If you have made a mess of your life in the past, you are in good company. Thousands of successful people have embarked themselves on dead-end projects leading to catastrophic losses. Failure is always a discouraging experience, but wise men never view it as the end of the game.
Doing more with less all over again
They take some time to rest, regroup forces, and gather
resources for their next venture. The consequences of dead-end projects
are rarely lethal. Entrepreneurs that incur losses see them as the price
of pursuing their dreams. If they suffer damage to their reputation,
they pick up whatever is left and move on.
People possessed by
doubt quit when they encounter difficulties. In contrast, individuals
motivated by strong desire cannot imagine a life a passive acceptance.
Both types of persons may advance at the same speed for a while, but
only the relentless reach the end of the path.
persistence, like any other conviction, cannot be purchased with money.
We know that personal psychology plays an important role in how actively
people work at improving their lives, but we still ignore the precise
mechanics of motivation.
Why do certain individuals develop
extraordinary drive and exploit possibilities to the maximum? What makes
other persons in similar situations waste their lives and resources?
Biographers of high-achievers tend to agree that ambitious goals open
the door to excellent performance.
While indecisive people move
at random, determined individuals walk as fast as they can in their
chosen direction. While weak companies spread their resources too thin,
strong enterprises concentrate forces on their most profitable markets.
While the members of one group hesitate, the others are already
half-way. Their final goal makes all the difference.
The life of
French writer Honoré de Balzac (1799-1850) offers a fascinating example
of the role that strong motivation plays in success. It took him 14
years of continuous failure before he actually wrote a book that sold
well. During that time, he cumulated business disasters and incurred
such enormous debts that he was obliged to hide from creditors.
Let yourself be driven by your desire to achieve
desire to become writer grew slowly during his time at school and his
experience as an employee. In his youth, he laboured for two years as a
clerk at a notary office, where he learned to draft marriage contracts
and property mortgages. Balzac was 20 years old when he decided to quit
his job at the law firm and devote the rest of his life to writing.
a long discussion, he managed to convince his father to grant him a
small allowance for a year. That was the time that Balzac had allowed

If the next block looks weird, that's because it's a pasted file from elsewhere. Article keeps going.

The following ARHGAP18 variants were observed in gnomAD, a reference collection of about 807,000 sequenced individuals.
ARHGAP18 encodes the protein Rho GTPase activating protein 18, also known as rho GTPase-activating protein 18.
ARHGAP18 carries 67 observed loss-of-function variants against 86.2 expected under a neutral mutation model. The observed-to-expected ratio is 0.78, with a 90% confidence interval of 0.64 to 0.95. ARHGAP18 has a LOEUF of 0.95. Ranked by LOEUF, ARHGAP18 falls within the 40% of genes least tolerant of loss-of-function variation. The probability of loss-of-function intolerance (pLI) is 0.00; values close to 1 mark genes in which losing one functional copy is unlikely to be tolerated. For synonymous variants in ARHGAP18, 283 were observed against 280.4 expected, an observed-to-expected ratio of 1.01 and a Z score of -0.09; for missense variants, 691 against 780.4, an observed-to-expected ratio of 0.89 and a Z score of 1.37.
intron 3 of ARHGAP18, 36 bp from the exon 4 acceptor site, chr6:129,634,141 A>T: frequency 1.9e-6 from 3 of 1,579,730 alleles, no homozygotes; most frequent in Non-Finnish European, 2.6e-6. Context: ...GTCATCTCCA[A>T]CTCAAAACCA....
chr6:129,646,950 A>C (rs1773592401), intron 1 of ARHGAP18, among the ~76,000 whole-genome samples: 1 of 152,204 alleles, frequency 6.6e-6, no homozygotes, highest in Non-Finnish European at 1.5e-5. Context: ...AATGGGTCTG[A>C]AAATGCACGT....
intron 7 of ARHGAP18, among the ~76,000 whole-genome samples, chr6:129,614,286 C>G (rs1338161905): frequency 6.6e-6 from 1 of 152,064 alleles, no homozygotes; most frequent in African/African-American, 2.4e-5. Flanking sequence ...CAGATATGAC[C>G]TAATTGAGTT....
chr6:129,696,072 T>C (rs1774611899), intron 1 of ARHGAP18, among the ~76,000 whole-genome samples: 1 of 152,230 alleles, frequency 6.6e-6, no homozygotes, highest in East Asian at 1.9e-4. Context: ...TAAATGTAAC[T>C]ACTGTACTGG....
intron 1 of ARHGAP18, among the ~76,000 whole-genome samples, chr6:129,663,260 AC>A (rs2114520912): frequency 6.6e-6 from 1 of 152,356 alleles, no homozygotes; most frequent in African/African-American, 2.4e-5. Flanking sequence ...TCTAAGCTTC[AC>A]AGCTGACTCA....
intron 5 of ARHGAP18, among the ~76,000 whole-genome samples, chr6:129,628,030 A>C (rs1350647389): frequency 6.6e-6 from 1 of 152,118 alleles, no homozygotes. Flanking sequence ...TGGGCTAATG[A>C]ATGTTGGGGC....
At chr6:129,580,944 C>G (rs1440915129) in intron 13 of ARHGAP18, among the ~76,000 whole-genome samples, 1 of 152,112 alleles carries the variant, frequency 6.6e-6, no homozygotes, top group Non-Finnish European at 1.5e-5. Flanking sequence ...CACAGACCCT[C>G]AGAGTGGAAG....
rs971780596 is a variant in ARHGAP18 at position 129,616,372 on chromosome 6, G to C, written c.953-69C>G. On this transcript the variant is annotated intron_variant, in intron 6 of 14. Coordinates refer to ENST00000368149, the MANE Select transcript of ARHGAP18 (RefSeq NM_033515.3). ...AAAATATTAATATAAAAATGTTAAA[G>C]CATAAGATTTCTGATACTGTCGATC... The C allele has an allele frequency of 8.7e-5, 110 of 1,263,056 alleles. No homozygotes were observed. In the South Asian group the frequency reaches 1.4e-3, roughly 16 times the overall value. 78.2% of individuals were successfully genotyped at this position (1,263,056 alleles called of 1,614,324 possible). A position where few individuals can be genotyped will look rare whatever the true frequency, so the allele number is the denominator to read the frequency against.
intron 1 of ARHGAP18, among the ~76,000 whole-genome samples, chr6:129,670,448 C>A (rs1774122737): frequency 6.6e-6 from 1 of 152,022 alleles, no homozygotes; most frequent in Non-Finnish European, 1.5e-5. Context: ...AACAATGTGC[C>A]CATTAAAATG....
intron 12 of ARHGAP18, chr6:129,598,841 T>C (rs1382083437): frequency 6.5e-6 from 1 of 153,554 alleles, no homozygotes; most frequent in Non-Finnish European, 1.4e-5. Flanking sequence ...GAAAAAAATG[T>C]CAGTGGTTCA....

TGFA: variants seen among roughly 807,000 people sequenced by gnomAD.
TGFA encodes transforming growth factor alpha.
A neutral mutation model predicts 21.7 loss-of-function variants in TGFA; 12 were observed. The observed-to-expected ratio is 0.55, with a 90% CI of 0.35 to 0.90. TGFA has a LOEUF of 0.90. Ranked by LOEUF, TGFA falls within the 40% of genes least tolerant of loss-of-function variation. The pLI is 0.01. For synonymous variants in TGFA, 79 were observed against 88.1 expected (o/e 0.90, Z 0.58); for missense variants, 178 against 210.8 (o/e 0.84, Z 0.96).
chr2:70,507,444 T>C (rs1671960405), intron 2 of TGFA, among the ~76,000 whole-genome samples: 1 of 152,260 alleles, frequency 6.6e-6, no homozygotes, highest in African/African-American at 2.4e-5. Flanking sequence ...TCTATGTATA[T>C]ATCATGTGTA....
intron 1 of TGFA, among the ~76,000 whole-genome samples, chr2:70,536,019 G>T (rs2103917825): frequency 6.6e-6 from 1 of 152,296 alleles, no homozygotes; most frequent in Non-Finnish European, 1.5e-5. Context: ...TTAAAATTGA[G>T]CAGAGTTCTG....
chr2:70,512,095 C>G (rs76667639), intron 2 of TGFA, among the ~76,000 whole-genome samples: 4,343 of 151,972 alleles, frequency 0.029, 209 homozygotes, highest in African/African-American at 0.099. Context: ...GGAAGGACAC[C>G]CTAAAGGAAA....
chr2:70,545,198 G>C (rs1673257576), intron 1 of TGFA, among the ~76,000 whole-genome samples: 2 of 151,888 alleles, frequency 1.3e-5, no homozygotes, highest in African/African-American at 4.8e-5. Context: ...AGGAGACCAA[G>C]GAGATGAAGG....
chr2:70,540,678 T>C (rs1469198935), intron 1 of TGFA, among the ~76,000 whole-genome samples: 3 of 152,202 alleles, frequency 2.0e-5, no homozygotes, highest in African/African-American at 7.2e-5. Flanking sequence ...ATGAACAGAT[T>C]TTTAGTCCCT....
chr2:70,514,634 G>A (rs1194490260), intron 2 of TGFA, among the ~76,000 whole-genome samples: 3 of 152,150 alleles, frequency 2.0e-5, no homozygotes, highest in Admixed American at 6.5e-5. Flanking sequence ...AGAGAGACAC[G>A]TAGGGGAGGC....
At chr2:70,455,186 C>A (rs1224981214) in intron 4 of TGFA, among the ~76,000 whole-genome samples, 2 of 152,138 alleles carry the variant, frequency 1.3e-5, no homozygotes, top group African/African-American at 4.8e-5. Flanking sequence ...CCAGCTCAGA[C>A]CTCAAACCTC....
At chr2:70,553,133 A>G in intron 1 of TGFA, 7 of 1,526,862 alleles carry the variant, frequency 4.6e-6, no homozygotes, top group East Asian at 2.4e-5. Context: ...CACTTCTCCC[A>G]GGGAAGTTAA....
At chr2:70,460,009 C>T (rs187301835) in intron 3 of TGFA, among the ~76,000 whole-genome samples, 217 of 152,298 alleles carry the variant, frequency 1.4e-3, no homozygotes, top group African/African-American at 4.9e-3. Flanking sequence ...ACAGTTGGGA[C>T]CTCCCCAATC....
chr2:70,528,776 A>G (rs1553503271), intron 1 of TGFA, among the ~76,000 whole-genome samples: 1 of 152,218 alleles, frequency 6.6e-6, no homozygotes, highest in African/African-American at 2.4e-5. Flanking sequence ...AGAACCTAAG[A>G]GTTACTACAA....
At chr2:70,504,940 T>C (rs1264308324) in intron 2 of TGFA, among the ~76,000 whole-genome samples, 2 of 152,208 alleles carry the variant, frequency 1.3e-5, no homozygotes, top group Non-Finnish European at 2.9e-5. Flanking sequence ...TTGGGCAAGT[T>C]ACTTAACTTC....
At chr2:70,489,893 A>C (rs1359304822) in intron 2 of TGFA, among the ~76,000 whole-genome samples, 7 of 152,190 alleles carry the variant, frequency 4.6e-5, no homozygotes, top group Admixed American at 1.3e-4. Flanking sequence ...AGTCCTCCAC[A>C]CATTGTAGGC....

himself to write a brilliant novel that would immediately propel him to
the highest echelons of literary fame.
During those initial 12
months, Balzac produced two appalling books which were quickly
forgotten. A long string of poorly crafted novels followed during the
next years; none of those earned him sufficient money to break out of
In his late twenties, Balzac contemplated his massive
failure and resolved to abandon his ambitions. He told himself that he
had done his best, but that becoming a writer was too difficult. Would
he not rather make a fortune in business and later, when he was free of
material concerns, return to literature?
attempts soon ended catastrophically. He borrowed large sums of money
and established himself first as a publisher and later as a printer, two
businesses about which he knew little. Competition was hard and Balzac
lacked the experience to run such operations with any chance of success.
How to face disastrous losses successfully
brought out books that did not sell and saw financial losses
accumulate. In less than a year, he had wasted his complete capital and
was obliged to shut down his business. His dreams of prosperity were
shattered; his personal debts, astronomical; his prospects of turning
around the situation, negligible.
Psychological misery followed
financial ruin. For an extended period, Balzac spent his days feeling
sorry for himself and hiding from creditors. He was so poor that he only
escaped hunger thanks to family and friends. They provided him a roof
over his head and helped him regain his self-confidence.
healing took place slowly. Eventually, his pride returned to his
previous size; his ambitions were rekindled; his persistence was reborn,
stronger than ever before. He announced to his family that he was going
to retake his literary career and that, this time, he was not intending
to stop until he had attained popularity and sales.
Have you ever been told that you have no chance of winning?
When he told
them that he was willing to do whatever was necessary, his declaration
was met with scepticism. Had he not tried to become a writer for longer
than a decade? Had he not failed completely at every attempt?
nodded, smiled, and replied that he had conceived a plan that would put
him on the map as a writer. His past novels had been dead-end projects
composed without grand ambitions; his future works would form a
collection integrated by a single idea, a final goal, a fundamental
Popular success came to him in 1833 and continued for a
good part of his life. Balzac baptised his collection of novels La
Comédie Humaine, which grew to encompass 95 books. At several times in
his career, he played again with the idea of acquiring a business and
living a different life. Fortunately for his readers, he stuck to his
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